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    Very nice. Had Bubba already removed the ears, straightened the bottom metal, partly straightened the bolt handle? Looks like a commercial trigger.
     
  9. Riomouse911

    Riomouse911 Member

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    You saved that rifle from a fate worse than the smelter by rescuing it from Bubba’s evil handiwork! That is one amazing piece of art, nicely done :thumbup:.

    As for recoil pads; I love them. I’m not the worlds biggest fan of recoil, I’ll freely admit that. Shooting should be a fun, challenging and rewarding use of our relaxation time. If I want to feel punished, bruised and sore after an experience that I’m paying for, I’ll go to the dentist and tell him to skip the Novocain this time :what:.

    Again, that’s a real beauty. Thanks for your service and congrats on retirement (I almost went to NDSU-Bottenau so I’m a little bit familiar with Minot Air Base).

    Let us know how you shoot when you get back out there. :thumbup:

    Stay safe.
     
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  10. czhen

    czhen Member

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    Gorgeous.
     
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  11. velocette

    velocette Member

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    Jim Watson;
    Bubba did none of that. He buggered the front sight cut up the original stock and buggered the rear sight.
    I cut off the ears & re-shaped where they were to fit Rem model 30 mounts.straightened (& shortened slightly, the bottom metal & re-shaped the bolt handle. Reinstalled the original bolt handle ball after drilling & tapping its inside, also cut correct threads on the re-shaped bolt handle which effectively shortened it about 3/8" Barrel shows its Ordinance bomb and the High Standard mark. It was cut to remove the damaged crown and front sight dovetail.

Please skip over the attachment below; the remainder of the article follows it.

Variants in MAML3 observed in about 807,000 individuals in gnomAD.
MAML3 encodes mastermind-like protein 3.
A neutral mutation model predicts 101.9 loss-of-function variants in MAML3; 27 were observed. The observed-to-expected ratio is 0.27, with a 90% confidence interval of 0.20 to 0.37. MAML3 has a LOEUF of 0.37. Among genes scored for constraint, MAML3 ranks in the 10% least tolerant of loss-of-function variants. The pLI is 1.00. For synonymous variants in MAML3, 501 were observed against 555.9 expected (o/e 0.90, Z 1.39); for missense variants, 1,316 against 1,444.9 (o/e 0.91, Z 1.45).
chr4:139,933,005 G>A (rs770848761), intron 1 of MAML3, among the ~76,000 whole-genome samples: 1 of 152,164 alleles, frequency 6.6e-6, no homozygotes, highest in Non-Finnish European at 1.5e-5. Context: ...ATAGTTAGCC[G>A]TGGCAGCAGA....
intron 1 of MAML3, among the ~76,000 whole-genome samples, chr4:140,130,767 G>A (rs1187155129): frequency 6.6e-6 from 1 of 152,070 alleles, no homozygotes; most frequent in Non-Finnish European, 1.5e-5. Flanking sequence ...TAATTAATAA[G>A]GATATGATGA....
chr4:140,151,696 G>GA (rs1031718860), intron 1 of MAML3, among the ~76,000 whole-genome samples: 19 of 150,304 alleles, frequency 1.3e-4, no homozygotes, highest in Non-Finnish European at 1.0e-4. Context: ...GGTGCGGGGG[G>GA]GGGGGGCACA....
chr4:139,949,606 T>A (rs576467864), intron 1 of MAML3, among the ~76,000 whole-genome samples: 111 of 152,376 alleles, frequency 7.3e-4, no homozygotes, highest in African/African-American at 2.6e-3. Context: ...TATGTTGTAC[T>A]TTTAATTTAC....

It has a Dayton Traister trigger and cock on opening conversion. Enfield done 007 copy.jpg
     
  12. NIGHTLORD40K

    NIGHTLORD40K Member

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    Beautiful gun!

    I didnt quite qualify for 600 at the MGC...came really close, then my bipod broke. Had to settle for ringing steel at 300. Do they have plates on the 600yd range?
     
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  13. velocette

    velocette Member

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    Nightlord;
    Yes they do. Large small and swinging dueling tree.
    Good people there at Manatee.
     
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  14. mavracer

    mavracer Member

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    Beautiful. My 1917 was sporterized but not bad enough I couldn't return it. The great thing was the barrel was well cared for and it shoots great. P2080090.jpg
     
  15. NIGHTLORD40K

    NIGHTLORD40K Member

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    IMG_0086.edit1-1.jpg
    My buddy Parker at 300 last time we were there. He was sighting in his M700 SPR .270, started in the upper left quadrant and got closer to the center with each group. He actually did qualify for 600, but storms were moving in and we were running low on ammo.

    I just may have to take my all-original Eddystone next time I head out there and see if I can hit anything with the stock peeps. :)
     
  16. LoonWulf
    • Contributing Member

    LoonWulf Contributing Member

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    Thats a beautiful sporter!
     
  17. e rex

    e rex Member

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    Your wood is a lot nicer than the Bishop stock I put on our Eddystone. Had my barrel cut to 22" and recrowned and it shoots very nice with the GI barrel.